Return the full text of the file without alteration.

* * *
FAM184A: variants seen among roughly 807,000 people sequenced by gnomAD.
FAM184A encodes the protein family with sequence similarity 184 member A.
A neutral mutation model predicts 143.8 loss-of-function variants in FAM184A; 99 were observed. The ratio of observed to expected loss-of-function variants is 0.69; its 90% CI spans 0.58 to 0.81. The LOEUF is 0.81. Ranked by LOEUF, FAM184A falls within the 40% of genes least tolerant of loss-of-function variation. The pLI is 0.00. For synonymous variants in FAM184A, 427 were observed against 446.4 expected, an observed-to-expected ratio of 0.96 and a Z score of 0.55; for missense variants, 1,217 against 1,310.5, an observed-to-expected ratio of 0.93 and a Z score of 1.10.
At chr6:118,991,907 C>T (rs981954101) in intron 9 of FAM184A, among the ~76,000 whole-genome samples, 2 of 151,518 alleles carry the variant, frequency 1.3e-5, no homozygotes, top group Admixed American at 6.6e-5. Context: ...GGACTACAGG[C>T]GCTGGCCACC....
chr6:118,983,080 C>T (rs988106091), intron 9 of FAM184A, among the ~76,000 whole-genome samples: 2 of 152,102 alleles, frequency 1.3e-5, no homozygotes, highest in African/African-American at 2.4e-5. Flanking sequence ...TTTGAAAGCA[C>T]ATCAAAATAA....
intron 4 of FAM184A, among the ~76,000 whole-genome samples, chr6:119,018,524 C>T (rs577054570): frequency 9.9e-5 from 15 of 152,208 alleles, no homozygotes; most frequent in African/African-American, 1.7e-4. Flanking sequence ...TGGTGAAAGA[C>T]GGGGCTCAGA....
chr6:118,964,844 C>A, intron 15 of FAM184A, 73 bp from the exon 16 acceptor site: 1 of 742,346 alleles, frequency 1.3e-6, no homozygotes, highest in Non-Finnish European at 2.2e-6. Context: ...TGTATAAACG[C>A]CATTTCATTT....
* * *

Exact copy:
FAM184A: variants seen among roughly 807,000 people sequenced by gnomAD.
FAM184A encodes the protein family with sequence similarity 184 member A.
A neutral mutation model predicts 143.8 loss-of-function variants in FAM184A; 99 were observed. The ratio of observed to expected loss-of-function variants is 0.69; its 90% CI spans 0.58 to 0.81. The LOEUF is 0.81. Ranked by LOEUF, FAM184A falls within the 40% of genes least tolerant of loss-of-function variation. The pLI is 0.00. For synonymous variants in FAM184A, 427 were observed against 446.4 expected, an observed-to-expected ratio of 0.96 and a Z score of 0.55; for missense variants, 1,217 against 1,310.5, an observed-to-expected ratio of 0.93 and a Z score of 1.10.
At chr6:118,991,907 C>T (rs981954101) in intron 9 of FAM184A, among the ~76,000 whole-genome samples, 2 of 151,518 alleles carry the variant, frequency 1.3e-5, no homozygotes, top group Admixed American at 6.6e-5. Context: ...GGACTACAGG[C>T]GCTGGCCACC....
chr6:118,983,080 C>T (rs988106091), intron 9 of FAM184A, among the ~76,000 whole-genome samples: 2 of 152,102 alleles, frequency 1.3e-5, no homozygotes, highest in African/African-American at 2.4e-5. Flanking sequence ...TTTGAAAGCA[C>T]ATCAAAATAA....
intron 4 of FAM184A, among the ~76,000 whole-genome samples, chr6:119,018,524 C>T (rs577054570): frequency 9.9e-5 from 15 of 152,208 alleles, no homozygotes; most frequent in African/African-American, 1.7e-4. Flanking sequence ...TGGTGAAAGA[C>T]GGGGCTCAGA....
chr6:118,964,844 C>A, intron 15 of FAM184A, 73 bp from the exon 16 acceptor site: 1 of 742,346 alleles, frequency 1.3e-6, no homozygotes, highest in Non-Finnish European at 2.2e-6. Context: ...TGTATAAACG[C>A]CATTTCATTT....